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Does there exist a function $f$ that satisfies all of the following three properties?

  1. The function converts an arbitrarily large (empty, finite, countably/uncountably infinite) set of ordinals to a single ordinal;
  2. If two sets $S$ and $T$ of ordinals are not equal, then two ordinals $f(S)$ and $f(T)$ are not equal; if two ordinals $\alpha$ and $\beta$ are not equal, then two sets $f^{-1}(\alpha)$ and $f^{-1}(\beta)$ are not equal;
  3. The function and its inverse are computable by Ordinal Turing Machines, i.e. there exists an Ordinal Turing Machine $m$ that (i) given an arbitrary set $T$ of ordinals as the input, outputs a single ordinal $f(T)$; (ii) given a single ordinal $\alpha$ as the input, outputs a set $f^{-1}(\alpha)$ of ordinals.
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    $\begingroup$ This is kind of self-evident in the case of $V=L$ (unless I am misreading the question), because it would follow from equivalence of SO (sets of ordinals) in $L$ and those that are ordinal computable by (some suitable) ordinal parameters . But for the general scenario, it is unclear to me. $\endgroup$
    – SSequence
    Jun 28, 2022 at 9:44

1 Answer 1

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The existence of a function $f$ as specified in the question cannot be proved in ZFC. This follows from the following theorem and the well-known independence of $\mathrm{V = OD}$ (equivalently: $\mathrm{V = HOD}$) from $\mathrm{ZFC}$. Recall that $\mathrm{OD}$ is the class of ordinal-definable sets.

Theorem. (ZFC) There is a (parameter-free) definable injective function $f$ from the class of subsets of ordinals to the class of ordinals (i.e., a definable function $f$ satisfying properties (1) and (2) of the question) if and only if $\mathrm{V = OD}$.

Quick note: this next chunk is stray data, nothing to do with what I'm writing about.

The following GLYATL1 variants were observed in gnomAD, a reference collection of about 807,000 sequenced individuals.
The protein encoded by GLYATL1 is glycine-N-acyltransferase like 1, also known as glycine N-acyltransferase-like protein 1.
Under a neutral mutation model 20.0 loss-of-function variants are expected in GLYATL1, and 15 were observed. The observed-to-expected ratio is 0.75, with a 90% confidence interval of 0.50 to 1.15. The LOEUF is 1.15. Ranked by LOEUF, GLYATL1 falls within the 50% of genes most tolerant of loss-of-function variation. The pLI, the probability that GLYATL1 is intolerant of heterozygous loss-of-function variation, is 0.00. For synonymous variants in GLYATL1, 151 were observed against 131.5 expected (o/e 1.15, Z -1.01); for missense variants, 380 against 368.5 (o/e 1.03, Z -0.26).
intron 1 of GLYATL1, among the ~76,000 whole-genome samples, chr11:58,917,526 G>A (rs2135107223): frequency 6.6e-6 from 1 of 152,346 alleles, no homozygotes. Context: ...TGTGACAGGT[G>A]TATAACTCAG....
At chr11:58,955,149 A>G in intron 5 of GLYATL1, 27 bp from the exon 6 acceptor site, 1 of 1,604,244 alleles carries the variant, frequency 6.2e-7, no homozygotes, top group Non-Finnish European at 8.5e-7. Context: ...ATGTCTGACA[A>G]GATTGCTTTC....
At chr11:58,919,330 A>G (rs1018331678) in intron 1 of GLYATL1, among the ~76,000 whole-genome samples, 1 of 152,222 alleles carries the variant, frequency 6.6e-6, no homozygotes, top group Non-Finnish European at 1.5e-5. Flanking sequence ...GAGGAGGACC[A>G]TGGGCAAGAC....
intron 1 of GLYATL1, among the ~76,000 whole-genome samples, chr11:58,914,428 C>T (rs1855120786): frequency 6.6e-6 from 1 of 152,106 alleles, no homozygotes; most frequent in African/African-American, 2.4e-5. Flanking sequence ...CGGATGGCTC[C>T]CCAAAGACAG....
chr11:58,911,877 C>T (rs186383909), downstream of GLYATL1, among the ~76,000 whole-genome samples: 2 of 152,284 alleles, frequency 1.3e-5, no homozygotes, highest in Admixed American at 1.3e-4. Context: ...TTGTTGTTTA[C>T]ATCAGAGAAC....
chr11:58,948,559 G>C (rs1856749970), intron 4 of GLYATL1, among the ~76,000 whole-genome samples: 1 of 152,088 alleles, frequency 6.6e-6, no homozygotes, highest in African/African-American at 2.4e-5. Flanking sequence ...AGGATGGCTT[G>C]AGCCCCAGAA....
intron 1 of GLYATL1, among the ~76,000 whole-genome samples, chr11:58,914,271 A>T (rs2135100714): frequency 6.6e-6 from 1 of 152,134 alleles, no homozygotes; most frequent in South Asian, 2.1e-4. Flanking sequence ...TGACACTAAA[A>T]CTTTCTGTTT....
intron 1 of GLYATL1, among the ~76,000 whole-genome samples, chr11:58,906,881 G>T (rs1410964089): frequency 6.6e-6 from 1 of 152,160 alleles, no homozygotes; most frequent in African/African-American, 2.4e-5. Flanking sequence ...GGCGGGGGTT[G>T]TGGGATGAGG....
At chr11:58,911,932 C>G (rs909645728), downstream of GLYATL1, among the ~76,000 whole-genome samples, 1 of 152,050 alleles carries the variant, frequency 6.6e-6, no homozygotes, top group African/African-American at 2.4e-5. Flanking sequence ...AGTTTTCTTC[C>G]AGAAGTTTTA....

Proof. The right-to-left direction readily follows from the well-known fact that there is a (parameter-free) global well-ordering of the class of all sets $\mathrm{V}$ of order-type $\mathrm{Ord}$ (class of ordinals) in the presence of $\mathrm{ZF + V = OD}$.

For the other direction, recall that it is a theorem of $\mathrm{ZFC}$ that every set can be canonically coded by a subset of ordinals (more precisely, for every set $x$ there is a subset $y$ of ordinals such that $x \in \mathrm{L}(y)$). This makes it clear that if there is a definable injection $f$ of the class of subsets of ordinal into the class $\mathrm{Ord}$ of ordinals, then there is an injection $F$ of the class of all sets $\mathrm{V}$ to $\mathrm{Ord}$. More specifically, given a set $x$, let $F(x)$ be $f(y_0)$, where $f(y_0)$ is the minimum element of the set of all ordinals of the form $f(y)$, where $y$ canonically codes $x$. Since $\mathrm{V=OD}$ is equivalent to the existence of a parameter-free definable injection of $\mathrm{V}$ into $\mathrm{Ord}$, this completes the proof.

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